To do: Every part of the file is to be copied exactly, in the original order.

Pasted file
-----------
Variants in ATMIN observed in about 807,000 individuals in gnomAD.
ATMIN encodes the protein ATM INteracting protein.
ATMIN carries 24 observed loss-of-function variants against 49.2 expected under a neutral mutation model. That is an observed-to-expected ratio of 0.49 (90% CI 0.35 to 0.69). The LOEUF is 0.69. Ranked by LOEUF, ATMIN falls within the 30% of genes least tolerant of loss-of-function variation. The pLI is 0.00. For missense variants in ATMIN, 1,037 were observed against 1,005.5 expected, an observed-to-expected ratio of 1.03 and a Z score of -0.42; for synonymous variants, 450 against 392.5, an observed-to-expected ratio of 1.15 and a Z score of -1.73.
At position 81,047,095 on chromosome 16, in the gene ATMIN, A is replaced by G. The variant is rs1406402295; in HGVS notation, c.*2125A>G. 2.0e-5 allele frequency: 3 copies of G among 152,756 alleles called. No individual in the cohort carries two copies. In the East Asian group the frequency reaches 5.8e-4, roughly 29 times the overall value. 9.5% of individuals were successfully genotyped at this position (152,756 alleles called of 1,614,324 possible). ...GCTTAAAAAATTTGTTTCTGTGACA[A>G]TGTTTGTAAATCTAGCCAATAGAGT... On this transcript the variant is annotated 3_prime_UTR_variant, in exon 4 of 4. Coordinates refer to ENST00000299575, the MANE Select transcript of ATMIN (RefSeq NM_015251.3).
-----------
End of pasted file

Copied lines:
Variants in ATMIN observed in about 807,000 individuals in gnomAD.
ATMIN encodes the protein ATM INteracting protein.
ATMIN carries 24 observed loss-of-function variants against 49.2 expected under a neutral mutation model. That is an observed-to-expected ratio of 0.49 (90% CI 0.35 to 0.69). The LOEUF is 0.69. Ranked by LOEUF, ATMIN falls within the 30% of genes least tolerant of loss-of-function variation. The pLI is 0.00. For missense variants in ATMIN, 1,037 were observed against 1,005.5 expected, an observed-to-expected ratio of 1.03 and a Z score of -0.42; for synonymous variants, 450 against 392.5, an observed-to-expected ratio of 1.15 and a Z score of -1.73.
At position 81,047,095 on chromosome 16, in the gene ATMIN, A is replaced by G. The variant is rs1406402295; in HGVS notation, c.*2125A>G. 2.0e-5 allele frequency: 3 copies of G among 152,756 alleles called. No individual in the cohort carries two copies. In the East Asian group the frequency reaches 5.8e-4, roughly 29 times the overall value. 9.5% of individuals were successfully genotyped at this position (152,756 alleles called of 1,614,324 possible). ...GCTTAAAAAATTTGTTTCTGTGACA[A>G]TGTTTGTAAATCTAGCCAATAGAGT... On this transcript the variant is annotated 3_prime_UTR_variant, in exon 4 of 4. Coordinates refer to ENST00000299575, the MANE Select transcript of ATMIN (RefSeq NM_015251.3).